On one side there is Real Madrid, of whom Francisco Franco had a vested interest. Their name itself is linked with the ‘establishment’, ‘real’ meaning ‘royal’ in English. The dictatorship directly used the club as a vehicle to demonstrate its power and spread propaganda. They were the best team; they were from the capital of his empire, and they wore a pure white kit.
Once football resumed after the war, the rivalry took on a new significance. It was a chance to showcase Catalunya and beat the powers that be in Madrid. For various reasons Real Madrid were seen as the club of the state and, for Franco, if his Madrid team lost to Barcelona it was seen as a PR disaster. He couldn’t be seen to be weaker than the region he controlled. On several occasions, it’s alleged that he dabbled in the footballing world.
In 1943, the two clubs were drawn against each other in the semi-finals of the Copa del Rey, though it was known as Copa del Generalísimo at the time. Barca had won the competition the previous year so there was pressure on Real Madrid to put things right.
The first leg of the tie was a disaster for Los Blancos. They lost 3-0 at the Camp Nou and returned to the capital in disgrace. Los Blaugranas were seemingly about to cruise to the final until they were visited by the state head of security before the second leg. There’s no proof as to what happened, but Real Madrid won the second leg 11-1, so it doesn’t take a genius to put two and two together.
Another instance of Franco’s regime reportedly taking upon themselves to boost the fortunes of Real Madrid, took place in 1953. A certain Alfredo Di Stefano was on the radar of both clubs thanks to his performances for Millonarios in Colombia. Barcelona tried to sign the Argentinian but ran into complications when his former club, River Plate, got involved. They claimed that they also had Di Stefano’s registration rights. Barca agreed on a deal to sign the forward and he had even played a pre-season game for his new club when the Spanish Football Federation (the RFEF), ruled that the transfer couldn’t take place as Millonarios hadn’t agreed to it.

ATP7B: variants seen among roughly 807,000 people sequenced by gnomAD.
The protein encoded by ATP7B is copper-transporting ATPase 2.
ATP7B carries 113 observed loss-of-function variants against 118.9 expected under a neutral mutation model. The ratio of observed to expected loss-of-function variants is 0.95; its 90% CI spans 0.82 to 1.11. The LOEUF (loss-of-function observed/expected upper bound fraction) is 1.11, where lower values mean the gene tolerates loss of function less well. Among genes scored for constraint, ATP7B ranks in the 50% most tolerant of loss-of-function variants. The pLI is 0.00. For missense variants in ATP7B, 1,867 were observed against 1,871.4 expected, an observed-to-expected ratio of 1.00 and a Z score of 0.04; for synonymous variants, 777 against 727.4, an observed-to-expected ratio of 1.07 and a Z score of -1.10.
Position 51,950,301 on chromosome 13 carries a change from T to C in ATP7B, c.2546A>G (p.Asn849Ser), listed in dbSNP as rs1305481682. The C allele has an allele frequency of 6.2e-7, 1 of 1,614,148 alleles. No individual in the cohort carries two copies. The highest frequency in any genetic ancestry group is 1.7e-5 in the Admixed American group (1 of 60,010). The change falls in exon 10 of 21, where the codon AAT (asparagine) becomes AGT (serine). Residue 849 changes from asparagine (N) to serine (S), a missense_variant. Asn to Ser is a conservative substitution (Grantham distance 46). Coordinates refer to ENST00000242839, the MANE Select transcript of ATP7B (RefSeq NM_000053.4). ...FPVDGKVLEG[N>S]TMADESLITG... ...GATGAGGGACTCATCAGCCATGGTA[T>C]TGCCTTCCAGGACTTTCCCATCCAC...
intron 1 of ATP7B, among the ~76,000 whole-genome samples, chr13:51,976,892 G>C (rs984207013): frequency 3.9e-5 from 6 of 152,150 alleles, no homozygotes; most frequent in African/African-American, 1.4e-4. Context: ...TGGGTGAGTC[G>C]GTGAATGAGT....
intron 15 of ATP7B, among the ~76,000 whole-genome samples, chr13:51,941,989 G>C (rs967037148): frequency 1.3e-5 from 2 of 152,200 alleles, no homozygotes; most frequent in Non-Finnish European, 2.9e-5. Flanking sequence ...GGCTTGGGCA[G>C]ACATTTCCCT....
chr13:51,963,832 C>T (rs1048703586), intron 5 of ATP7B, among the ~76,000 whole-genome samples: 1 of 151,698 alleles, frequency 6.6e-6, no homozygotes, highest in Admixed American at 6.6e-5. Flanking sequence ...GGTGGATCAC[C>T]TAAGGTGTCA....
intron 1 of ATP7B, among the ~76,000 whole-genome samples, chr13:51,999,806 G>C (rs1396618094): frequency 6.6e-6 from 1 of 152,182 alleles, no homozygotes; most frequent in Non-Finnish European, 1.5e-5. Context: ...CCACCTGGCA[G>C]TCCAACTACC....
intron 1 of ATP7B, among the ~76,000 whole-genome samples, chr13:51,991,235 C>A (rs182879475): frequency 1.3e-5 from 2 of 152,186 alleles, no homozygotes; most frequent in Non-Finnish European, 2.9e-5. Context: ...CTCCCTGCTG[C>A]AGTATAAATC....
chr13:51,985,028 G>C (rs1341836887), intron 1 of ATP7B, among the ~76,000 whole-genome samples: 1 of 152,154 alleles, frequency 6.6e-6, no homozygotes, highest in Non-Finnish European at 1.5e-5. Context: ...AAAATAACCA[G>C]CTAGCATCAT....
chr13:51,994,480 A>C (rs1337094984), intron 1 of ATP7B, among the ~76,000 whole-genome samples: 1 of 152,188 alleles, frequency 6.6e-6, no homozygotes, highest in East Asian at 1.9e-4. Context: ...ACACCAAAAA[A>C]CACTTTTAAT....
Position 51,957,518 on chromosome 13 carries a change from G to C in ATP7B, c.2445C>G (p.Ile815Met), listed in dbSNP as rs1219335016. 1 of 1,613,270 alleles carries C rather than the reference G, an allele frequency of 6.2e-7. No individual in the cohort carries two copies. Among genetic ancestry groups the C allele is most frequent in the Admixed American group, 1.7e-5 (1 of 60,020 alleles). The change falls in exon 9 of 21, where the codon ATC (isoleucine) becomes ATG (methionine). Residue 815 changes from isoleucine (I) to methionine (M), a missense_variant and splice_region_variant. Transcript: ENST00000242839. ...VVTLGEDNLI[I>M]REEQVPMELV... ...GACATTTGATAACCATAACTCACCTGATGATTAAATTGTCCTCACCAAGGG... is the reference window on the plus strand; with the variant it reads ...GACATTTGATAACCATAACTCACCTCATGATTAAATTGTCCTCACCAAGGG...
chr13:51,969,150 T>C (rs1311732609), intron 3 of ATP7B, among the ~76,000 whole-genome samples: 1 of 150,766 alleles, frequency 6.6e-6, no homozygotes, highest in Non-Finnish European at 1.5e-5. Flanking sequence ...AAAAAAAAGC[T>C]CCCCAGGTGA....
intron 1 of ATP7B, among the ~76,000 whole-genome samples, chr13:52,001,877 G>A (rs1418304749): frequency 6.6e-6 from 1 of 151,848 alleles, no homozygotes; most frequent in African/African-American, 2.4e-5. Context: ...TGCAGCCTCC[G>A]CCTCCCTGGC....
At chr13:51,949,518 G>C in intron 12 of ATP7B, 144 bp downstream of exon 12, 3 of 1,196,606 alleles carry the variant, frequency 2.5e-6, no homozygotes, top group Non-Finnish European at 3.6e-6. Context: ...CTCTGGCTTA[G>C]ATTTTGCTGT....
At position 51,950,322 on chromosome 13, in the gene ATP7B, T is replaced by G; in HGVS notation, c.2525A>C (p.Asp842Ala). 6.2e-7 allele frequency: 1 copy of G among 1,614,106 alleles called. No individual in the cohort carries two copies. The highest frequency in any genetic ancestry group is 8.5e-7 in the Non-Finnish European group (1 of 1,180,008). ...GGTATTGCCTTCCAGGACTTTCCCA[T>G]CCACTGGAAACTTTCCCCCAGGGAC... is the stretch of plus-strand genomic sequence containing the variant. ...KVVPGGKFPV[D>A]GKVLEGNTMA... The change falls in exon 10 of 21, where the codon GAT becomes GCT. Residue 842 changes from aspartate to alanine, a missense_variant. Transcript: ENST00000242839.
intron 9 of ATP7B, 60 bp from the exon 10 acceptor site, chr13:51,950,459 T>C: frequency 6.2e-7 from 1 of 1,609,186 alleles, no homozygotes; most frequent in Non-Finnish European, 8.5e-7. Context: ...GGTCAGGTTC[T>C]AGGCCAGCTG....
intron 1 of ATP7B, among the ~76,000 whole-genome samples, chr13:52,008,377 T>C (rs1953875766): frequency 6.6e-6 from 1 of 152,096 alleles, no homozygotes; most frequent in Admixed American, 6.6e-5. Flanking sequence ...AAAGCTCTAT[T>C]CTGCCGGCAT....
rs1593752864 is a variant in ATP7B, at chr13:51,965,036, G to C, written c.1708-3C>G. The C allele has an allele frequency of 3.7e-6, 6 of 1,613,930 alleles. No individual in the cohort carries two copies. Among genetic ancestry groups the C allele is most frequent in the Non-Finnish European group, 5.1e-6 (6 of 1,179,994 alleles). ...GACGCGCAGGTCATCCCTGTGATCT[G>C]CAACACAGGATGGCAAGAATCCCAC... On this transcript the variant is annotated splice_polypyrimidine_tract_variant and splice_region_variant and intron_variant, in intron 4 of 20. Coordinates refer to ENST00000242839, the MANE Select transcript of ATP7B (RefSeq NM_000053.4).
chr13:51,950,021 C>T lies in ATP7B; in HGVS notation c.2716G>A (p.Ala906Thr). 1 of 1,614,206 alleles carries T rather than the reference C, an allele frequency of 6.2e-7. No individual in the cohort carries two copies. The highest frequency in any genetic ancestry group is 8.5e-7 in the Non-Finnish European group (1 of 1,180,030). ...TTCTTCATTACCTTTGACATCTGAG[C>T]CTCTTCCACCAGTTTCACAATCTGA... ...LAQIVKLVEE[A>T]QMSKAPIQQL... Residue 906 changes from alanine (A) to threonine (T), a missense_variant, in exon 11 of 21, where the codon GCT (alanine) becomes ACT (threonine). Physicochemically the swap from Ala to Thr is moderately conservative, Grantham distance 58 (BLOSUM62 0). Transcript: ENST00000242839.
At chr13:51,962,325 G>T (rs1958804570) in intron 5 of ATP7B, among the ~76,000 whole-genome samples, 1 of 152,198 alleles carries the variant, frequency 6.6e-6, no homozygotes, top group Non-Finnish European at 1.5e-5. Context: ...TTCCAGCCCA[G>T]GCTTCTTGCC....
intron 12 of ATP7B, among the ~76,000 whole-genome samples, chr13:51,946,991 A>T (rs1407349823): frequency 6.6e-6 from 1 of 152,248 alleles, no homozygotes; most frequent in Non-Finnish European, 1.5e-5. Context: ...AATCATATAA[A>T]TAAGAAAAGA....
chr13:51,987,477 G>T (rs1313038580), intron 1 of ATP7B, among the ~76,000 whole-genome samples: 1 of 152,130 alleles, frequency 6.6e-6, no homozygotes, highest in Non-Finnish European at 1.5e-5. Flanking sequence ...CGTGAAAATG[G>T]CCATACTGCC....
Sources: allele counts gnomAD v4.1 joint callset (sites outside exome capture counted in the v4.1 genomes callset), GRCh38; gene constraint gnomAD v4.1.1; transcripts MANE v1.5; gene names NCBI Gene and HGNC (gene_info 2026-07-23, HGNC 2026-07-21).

Real Madrid took advantage of the situation by launching their own bid for the player. The RFEF decided to let Di Stefano play for both clubs but in alternate seasons. Barcelona rejected the deal and he was Madrid’s. The RFEF, influenced by the regime, was reported to have a bias towards Madrid and therefore tried to thwart Barcelona’s move for Di Stefano. The Argentinian transformed the fortunes of Madrid and made them the dominant force in European football. Though there is no proof of Franco’s involvement, it is still a bone of contention and a key moment in the history of Real Madrid. If this hadn’t happened, they may not be the global phenomenon that they are today.
These days there isn’t intervention by the state, but Madrid are still considered to be favoured by the ‘establishment’. Years of incidents on and off the pitch fashion the contest on show in the present day. Whether it be a pig’s head thrown at Luis Figo for crossing the divide, or Messi and Ronaldo’s fierce footballing encounters, there is no love lost between the two. The philosophies of the clubs remain opposed. The Galácticos approach by Madrid is considered immoral by Barcelona who pride themselves on promoting from within their famous Masia academy. However, in the last few years, Barcelona do seem to have lost their way with regards to the style of football Johan Cruyff envisioned. This has led to Madrid calling out their hypocrisy when signing foreign stars for extortionate fees, Neymar, Suarez, and Coutinho just to name a few.
It’s important to remember that not all supporters are interested in the political differences between the clubs, but these cultural characteristics are what fuelled the appetite and gave the platform for the rivalry, which is now watched by hundreds of millions across the world.